Saprophagous larvae live in the most diverse environments :  in humus-rich soil, in woodland litter [podstilka], in deposits of mud in water-basins. They represent the dominating faunistic element in all soils with woodland litter well-expressed or with a developed accumulative humus horizon. Saprophagous larvae play an important role in the disintegration of vegetable remains. And here we must first of all point to the larvae of Bibionidae [Bibionomorpha]. The larvae of Bibio  marci L. in the hornbeam forest of the Moldavian Kodr claim the second place in biomass after the earthworms, but in their role of disintegrating woodland litter they surpass the latter. Already by a number of 200 individuals pro 1 m2 the larvae of this species consumes about 15 percent of leaf fall-out, and after 100 days of activity produce about 100 g excrements. The larvae of  Bibio  marci L. are able to process leaves of oak, beech, hornbeam, and other leaf-carrying species. The larvae of  B. clavipes MEIG., B. nigriventris HAL. and others, intensively process the litter in pine tree forests.
The significant role played by the larvae of Bibionidae [Bibionomorpha] in the intensification of the disintegration of woodland fall-out is connected with features of their ecology. The larvae are gregarious and their density in some cases reaches mythical magnitudes. The density of larvae of Bibio  pomonae FABR. in the pine forests of the Archangel region [in the North of european Russia] in certain parts reaches 200-300 individuals pro 1 m2. But a most large number of larvae of Bibio GEOFFR. is observed in the woodland litter of leaf-carrying forests. Such in the litter of oak forests on the slopes of the hills in the nature reserve  "Kedrovaja padj"  in the autumn of 1964 on an area of 10 m2 were found 12 colonies of larvae of  B. nigriclavipes HARDY & TAKAHASI. In each colony were found up to 300 individuals. In Hungary on an area of 72 m2 were found 35 colonies of  B. marci L., while in each of them were found 500 up until 2000 larvae.

Figure 11b :  Lateral view of larvae of Bibionidea [Bibionomorpha].
Top -- Bibio  pomonae FABR. [Bibionomorpha-Bibionidae].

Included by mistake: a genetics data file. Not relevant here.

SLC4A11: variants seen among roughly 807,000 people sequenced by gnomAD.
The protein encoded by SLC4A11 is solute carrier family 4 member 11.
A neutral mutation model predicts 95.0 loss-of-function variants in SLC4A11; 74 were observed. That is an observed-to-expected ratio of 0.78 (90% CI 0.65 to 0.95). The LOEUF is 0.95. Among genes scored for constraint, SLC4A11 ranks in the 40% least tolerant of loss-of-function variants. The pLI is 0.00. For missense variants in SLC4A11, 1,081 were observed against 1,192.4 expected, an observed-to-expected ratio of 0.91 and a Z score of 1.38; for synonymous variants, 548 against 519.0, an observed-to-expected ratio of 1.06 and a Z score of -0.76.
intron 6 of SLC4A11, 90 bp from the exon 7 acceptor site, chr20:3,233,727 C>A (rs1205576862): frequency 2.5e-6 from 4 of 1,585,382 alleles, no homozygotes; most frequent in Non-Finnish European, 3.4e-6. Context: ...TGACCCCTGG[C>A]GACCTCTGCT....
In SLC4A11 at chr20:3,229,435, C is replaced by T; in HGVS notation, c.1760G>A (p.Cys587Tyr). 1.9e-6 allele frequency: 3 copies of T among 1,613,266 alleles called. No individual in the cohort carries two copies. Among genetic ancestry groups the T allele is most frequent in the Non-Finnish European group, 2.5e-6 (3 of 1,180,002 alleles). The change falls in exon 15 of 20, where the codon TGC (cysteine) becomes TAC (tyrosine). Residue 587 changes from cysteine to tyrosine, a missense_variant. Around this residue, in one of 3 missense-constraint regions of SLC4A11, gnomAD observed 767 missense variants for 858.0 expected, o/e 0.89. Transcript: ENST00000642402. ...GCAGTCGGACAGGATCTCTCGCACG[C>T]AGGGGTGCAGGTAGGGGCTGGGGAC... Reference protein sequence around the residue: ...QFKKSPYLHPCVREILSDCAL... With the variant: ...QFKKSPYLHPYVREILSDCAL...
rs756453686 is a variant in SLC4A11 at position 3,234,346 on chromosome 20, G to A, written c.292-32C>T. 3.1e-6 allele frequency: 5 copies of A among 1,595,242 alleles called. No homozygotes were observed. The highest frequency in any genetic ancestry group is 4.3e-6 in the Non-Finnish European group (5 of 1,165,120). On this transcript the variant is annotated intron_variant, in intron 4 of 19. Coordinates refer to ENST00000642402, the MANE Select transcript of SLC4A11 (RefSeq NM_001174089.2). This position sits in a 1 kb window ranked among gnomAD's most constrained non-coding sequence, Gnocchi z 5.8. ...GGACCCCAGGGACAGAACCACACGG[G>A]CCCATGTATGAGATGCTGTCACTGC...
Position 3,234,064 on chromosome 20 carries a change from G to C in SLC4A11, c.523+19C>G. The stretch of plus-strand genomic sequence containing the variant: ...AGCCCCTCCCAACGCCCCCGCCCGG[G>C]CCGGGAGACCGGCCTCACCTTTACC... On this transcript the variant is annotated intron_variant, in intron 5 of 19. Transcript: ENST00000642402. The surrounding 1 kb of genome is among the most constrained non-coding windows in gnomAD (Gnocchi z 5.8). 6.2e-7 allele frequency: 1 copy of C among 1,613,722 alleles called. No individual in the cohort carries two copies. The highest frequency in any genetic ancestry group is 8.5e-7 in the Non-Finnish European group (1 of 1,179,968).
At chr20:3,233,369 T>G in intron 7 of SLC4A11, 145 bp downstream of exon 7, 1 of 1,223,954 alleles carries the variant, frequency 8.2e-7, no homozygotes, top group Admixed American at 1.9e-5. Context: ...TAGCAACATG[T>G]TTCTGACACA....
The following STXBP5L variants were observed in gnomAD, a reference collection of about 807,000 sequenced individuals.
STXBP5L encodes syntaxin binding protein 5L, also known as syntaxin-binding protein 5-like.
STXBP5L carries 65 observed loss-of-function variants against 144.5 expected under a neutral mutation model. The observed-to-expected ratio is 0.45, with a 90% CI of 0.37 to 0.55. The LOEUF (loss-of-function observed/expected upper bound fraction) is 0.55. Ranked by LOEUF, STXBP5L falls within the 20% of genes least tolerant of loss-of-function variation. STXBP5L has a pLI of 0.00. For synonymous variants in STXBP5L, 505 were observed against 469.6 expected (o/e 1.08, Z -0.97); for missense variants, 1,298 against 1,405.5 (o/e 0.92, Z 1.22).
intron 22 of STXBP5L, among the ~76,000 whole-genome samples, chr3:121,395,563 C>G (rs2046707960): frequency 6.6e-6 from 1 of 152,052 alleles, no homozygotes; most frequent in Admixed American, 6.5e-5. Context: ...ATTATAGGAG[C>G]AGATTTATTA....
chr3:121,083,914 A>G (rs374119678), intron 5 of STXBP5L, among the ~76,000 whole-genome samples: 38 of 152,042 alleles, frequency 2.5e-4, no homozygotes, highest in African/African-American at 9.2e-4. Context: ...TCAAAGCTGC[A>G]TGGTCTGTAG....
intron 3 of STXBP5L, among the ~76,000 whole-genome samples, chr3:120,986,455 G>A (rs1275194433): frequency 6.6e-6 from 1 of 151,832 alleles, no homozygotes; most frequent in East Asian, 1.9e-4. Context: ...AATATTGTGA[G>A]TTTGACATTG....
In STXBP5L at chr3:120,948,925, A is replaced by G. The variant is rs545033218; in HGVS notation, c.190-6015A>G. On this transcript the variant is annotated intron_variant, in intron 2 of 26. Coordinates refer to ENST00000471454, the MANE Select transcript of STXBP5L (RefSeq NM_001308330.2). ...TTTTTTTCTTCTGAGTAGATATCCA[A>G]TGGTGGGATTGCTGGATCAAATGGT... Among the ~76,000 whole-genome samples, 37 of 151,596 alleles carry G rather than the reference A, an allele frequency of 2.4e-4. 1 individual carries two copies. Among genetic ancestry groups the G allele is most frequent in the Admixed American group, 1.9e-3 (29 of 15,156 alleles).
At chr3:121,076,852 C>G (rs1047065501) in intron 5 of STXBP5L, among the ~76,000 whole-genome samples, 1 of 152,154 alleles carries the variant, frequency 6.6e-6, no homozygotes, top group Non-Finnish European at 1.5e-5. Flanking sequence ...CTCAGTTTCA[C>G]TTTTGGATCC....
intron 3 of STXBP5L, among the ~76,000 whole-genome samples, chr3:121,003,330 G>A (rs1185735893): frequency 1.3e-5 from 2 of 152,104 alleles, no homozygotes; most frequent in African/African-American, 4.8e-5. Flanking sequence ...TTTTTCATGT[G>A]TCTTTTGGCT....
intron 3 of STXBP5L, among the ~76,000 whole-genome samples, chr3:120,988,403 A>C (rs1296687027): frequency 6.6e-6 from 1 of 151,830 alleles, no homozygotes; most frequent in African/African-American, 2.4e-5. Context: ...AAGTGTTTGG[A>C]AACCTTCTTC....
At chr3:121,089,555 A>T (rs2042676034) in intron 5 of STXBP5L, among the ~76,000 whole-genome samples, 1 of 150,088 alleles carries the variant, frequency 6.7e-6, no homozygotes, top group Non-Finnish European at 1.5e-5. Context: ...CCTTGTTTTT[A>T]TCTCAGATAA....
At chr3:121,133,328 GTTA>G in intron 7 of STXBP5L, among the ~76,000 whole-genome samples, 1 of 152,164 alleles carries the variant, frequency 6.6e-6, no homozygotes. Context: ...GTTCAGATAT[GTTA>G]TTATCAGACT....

Bottom -- Plecia  nigra LUND [Bibionomorpha-Pleciidae].
(After KRIVOSJEINA, 1969)

Comparatively intensively, minute larvae of Sciaridae [Bibionomorpha], also living gregariously, process woodland litter transforming it into humus. The number of larvae in the litter in certain plots in the Kadnikovski woodland of the Vologodski region reached 100 individuals pro 1 m2. As to the significance of the larvae of this family in the process of the formation of humus was also pointed to by several other authors. The larvae of Neosciara  modesta STAEG. are capable of processing leaves of different sorts of trees and bushes but prefer leaves of elder, spindle tree, and elm. The larvae coming forth from 20 pairs of midges were, in the course of three weeks, able to process 30 g leaves as to their dry weight.
In large numbers one encounters the saprophagous larvae of the subgenus Vestiplex BEZZI [Tipulomorpha-Tipulidae] in the fall-out in forests. In the dense forests of the Kursk nature reserve their abundance during the summer months reaches 3.8 thousand [in the original tekst the latter word is absent] individuals pro 1 m2.
In simular conditions in leaf-containing composts one encounters in large numbers larvae of certain species of Scatopse GEOFFR. [Bibionomorpha-Scatopsidae] -- up until 14.7 thousand individuals pro 1 m2 layer of 10 cm thickness, which play an important role in the disintegration of vegetable remains.
Actively process woodland litter the larvae of certain species of the genus Limonia MEIG [Tipulomorpha-Limoniidae], for example  L. nubeculosa MEIG., and  L. macrostigma SCHUMM., which feed on freshly fallen leaves of alder, hazel, and ash.
Interesting observations have been made of the larvae of some species of Rhagionidae [Asilomorpha], which feed on fallen leaves in spite of the fact that the larvae of the majority of the representatives of this family are carnivorous.